Francis Iles’ second book, Before the Fact, is my latest contribution to Patti Abbott’s series of Forgotten Books. In truth, I hope it isn’t a forgotten book, and it certainly should not be, but the reality is that it hasn’t been available in the bookshops in the UK for far too long – my reprint dates from 1991 and may have been the last mainstream edition here.
Francis Iles was the name of a notorious smuggler, an ancestor of Anthony Berkeley Cox, who first found fame as the innovative Anthony Berkeley. The first Iles book, Malice Aforethought, was hugely influential. Before the Fact is also much admired, and it is memorable, although flawed.
It is the story of Lina Aysgarth, a born victim. She marries the charming Johnnie, but slowly becomes aware that he is a rogue. In time, she realises that he does not scruple at murder. And in the end, she discovers that he means to kill her.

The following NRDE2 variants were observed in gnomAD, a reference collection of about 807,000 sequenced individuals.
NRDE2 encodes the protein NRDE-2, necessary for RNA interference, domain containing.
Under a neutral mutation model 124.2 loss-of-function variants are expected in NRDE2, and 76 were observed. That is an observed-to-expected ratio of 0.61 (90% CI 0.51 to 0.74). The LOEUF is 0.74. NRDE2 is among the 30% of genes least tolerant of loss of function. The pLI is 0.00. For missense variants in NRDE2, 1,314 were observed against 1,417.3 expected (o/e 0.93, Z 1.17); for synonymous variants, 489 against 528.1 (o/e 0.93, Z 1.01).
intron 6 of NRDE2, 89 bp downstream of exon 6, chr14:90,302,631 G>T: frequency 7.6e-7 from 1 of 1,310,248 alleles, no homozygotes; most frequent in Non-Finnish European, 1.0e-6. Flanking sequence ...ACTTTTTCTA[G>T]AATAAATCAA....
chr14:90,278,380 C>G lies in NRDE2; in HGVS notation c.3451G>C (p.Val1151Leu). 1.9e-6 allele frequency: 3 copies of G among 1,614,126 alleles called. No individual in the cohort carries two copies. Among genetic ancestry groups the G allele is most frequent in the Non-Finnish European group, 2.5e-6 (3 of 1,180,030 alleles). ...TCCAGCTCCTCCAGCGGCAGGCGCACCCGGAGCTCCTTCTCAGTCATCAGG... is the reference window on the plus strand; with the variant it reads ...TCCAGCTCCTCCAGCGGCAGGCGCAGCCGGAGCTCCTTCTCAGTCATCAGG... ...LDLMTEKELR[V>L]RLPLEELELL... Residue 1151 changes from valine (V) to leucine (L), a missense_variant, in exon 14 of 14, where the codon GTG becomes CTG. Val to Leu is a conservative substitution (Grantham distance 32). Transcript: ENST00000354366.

This book was filmed by Hitchcock as Suspicion, but the master of suspense bottled out and changed the ending. It is a very bleak story indeed – the flaw, though, is that Lina is maddeningly passive. You end up wanting to scream at her to save herself. Even so, this is a remarkable story by a unique innovator.